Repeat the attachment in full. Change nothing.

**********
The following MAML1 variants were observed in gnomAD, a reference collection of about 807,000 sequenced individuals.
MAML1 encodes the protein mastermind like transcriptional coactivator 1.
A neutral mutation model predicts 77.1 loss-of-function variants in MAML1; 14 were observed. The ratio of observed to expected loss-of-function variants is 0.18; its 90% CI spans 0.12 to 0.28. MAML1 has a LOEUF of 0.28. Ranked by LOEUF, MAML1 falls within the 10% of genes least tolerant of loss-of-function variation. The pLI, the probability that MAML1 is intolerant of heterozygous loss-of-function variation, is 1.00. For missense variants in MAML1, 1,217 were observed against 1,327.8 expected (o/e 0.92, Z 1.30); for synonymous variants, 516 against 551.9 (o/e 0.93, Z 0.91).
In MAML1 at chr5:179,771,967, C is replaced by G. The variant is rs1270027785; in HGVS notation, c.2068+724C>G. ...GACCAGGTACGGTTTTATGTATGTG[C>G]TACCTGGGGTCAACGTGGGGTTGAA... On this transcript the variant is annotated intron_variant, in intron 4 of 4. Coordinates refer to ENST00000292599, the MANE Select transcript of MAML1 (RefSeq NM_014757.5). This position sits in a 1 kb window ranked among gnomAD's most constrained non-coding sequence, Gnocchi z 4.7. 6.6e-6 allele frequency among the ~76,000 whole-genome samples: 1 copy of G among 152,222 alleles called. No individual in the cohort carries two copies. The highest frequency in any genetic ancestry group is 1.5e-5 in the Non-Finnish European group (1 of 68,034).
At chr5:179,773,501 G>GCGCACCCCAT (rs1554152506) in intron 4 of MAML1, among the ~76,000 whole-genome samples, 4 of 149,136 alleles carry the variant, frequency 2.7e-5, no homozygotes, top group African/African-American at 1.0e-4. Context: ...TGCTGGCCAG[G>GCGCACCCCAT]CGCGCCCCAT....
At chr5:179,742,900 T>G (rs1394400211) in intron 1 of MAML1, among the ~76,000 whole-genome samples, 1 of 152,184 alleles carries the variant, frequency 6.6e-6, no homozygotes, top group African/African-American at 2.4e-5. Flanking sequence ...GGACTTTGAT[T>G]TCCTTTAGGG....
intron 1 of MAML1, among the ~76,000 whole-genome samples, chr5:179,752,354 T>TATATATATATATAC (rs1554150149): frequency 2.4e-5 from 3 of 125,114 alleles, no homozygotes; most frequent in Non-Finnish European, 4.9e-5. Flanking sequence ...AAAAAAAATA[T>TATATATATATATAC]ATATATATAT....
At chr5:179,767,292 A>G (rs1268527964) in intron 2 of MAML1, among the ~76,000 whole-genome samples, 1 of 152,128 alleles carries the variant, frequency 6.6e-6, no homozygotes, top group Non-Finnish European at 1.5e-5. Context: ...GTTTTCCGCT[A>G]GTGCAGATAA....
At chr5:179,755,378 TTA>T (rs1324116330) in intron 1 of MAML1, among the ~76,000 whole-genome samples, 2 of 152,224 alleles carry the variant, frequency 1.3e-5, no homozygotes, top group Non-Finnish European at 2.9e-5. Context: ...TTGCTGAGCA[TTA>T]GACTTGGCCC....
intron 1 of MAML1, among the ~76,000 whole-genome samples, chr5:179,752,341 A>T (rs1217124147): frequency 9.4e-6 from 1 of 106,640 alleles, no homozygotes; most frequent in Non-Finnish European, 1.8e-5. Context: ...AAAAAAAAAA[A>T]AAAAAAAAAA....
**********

The following MAML1 variants were observed in gnomAD, a reference collection of about 807,000 sequenced individuals.
MAML1 encodes the protein mastermind like transcriptional coactivator 1.
A neutral mutation model predicts 77.1 loss-of-function variants in MAML1; 14 were observed. The ratio of observed to expected loss-of-function variants is 0.18; its 90% CI spans 0.12 to 0.28. MAML1 has a LOEUF of 0.28. Ranked by LOEUF, MAML1 falls within the 10% of genes least tolerant of loss-of-function variation. The pLI, the probability that MAML1 is intolerant of heterozygous loss-of-function variation, is 1.00. For missense variants in MAML1, 1,217 were observed against 1,327.8 expected (o/e 0.92, Z 1.30); for synonymous variants, 516 against 551.9 (o/e 0.93, Z 0.91).
In MAML1 at chr5:179,771,967, C is replaced by G. The variant is rs1270027785; in HGVS notation, c.2068+724C>G. ...GACCAGGTACGGTTTTATGTATGTG[C>G]TACCTGGGGTCAACGTGGGGTTGAA... On this transcript the variant is annotated intron_variant, in intron 4 of 4. Coordinates refer to ENST00000292599, the MANE Select transcript of MAML1 (RefSeq NM_014757.5). This position sits in a 1 kb window ranked among gnomAD's most constrained non-coding sequence, Gnocchi z 4.7. 6.6e-6 allele frequency among the ~76,000 whole-genome samples: 1 copy of G among 152,222 alleles called. No individual in the cohort carries two copies. The highest frequency in any genetic ancestry group is 1.5e-5 in the Non-Finnish European group (1 of 68,034).
At chr5:179,773,501 G>GCGCACCCCAT (rs1554152506) in intron 4 of MAML1, among the ~76,000 whole-genome samples, 4 of 149,136 alleles carry the variant, frequency 2.7e-5, no homozygotes, top group African/African-American at 1.0e-4. Context: ...TGCTGGCCAG[G>GCGCACCCCAT]CGCGCCCCAT....
At chr5:179,742,900 T>G (rs1394400211) in intron 1 of MAML1, among the ~76,000 whole-genome samples, 1 of 152,184 alleles carries the variant, frequency 6.6e-6, no homozygotes, top group African/African-American at 2.4e-5. Flanking sequence ...GGACTTTGAT[T>G]TCCTTTAGGG....
intron 1 of MAML1, among the ~76,000 whole-genome samples, chr5:179,752,354 T>TATATATATATATAC (rs1554150149): frequency 2.4e-5 from 3 of 125,114 alleles, no homozygotes; most frequent in Non-Finnish European, 4.9e-5. Flanking sequence ...AAAAAAAATA[T>TATATATATATATAC]ATATATATAT....
At chr5:179,767,292 A>G (rs1268527964) in intron 2 of MAML1, among the ~76,000 whole-genome samples, 1 of 152,128 alleles carries the variant, frequency 6.6e-6, no homozygotes, top group Non-Finnish European at 1.5e-5. Context: ...GTTTTCCGCT[A>G]GTGCAGATAA....
At chr5:179,755,378 TTA>T (rs1324116330) in intron 1 of MAML1, among the ~76,000 whole-genome samples, 2 of 152,224 alleles carry the variant, frequency 1.3e-5, no homozygotes, top group Non-Finnish European at 2.9e-5. Context: ...TTGCTGAGCA[TTA>T]GACTTGGCCC....
intron 1 of MAML1, among the ~76,000 whole-genome samples, chr5:179,752,341 A>T (rs1217124147): frequency 9.4e-6 from 1 of 106,640 alleles, no homozygotes; most frequent in Non-Finnish European, 1.8e-5. Context: ...AAAAAAAAAA[A>T]AAAAAAAAAA....